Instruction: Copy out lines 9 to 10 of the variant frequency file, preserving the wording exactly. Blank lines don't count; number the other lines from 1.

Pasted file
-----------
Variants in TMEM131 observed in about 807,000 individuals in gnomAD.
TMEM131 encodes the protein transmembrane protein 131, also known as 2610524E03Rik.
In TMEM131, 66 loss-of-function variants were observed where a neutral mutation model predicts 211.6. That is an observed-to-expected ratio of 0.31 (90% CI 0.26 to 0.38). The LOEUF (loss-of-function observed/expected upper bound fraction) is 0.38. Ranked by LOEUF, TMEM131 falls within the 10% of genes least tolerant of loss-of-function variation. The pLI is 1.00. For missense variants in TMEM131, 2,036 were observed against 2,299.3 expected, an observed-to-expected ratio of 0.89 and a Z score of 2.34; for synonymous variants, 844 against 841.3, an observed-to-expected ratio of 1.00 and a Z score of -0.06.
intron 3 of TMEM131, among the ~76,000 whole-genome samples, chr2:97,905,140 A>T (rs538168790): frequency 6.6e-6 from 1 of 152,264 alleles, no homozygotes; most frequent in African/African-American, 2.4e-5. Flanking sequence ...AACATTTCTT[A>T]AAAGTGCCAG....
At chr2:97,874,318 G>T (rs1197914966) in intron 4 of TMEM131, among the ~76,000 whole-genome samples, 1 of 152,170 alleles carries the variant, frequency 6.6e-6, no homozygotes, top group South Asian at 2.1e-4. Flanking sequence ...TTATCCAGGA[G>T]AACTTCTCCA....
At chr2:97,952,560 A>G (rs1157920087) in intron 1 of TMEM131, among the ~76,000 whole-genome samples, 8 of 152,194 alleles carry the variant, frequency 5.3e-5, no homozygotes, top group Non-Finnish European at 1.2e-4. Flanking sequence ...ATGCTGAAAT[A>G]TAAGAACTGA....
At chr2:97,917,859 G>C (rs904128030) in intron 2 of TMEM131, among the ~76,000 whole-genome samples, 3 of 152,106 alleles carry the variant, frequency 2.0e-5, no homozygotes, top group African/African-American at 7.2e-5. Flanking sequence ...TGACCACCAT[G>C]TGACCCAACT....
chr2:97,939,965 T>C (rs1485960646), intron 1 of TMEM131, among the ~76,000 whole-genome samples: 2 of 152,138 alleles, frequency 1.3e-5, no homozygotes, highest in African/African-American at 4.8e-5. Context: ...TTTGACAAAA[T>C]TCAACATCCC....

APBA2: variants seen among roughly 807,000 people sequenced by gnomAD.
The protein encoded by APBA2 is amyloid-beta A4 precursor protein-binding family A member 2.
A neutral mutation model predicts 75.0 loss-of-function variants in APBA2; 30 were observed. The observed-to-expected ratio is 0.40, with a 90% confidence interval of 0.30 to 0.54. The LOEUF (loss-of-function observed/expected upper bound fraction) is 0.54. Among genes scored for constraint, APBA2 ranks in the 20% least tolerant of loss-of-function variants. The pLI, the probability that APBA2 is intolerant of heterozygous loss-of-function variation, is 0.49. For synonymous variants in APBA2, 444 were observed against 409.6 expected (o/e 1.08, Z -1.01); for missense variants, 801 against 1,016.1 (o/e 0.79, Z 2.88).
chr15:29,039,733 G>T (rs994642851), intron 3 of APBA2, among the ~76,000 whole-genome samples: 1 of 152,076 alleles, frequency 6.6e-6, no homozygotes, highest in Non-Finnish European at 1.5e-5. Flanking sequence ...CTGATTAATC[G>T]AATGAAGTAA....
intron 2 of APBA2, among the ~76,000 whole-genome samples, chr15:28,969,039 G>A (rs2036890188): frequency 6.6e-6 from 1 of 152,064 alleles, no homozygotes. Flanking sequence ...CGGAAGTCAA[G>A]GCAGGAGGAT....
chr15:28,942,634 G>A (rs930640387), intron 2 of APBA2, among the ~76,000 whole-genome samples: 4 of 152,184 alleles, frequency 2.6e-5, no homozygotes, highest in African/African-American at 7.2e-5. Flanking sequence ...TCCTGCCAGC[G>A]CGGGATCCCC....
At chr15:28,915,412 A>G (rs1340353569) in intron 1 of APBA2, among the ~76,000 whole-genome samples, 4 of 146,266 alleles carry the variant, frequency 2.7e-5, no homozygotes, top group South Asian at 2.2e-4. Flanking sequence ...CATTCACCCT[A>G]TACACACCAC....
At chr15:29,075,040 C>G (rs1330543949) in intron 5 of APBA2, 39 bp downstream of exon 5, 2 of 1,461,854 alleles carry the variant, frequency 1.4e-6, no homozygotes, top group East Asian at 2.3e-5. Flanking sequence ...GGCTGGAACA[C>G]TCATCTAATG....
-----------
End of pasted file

APBA2: variants seen among roughly 807,000 people sequenced by gnomAD.
The protein encoded by APBA2 is amyloid-beta A4 precursor protein-binding family A member 2.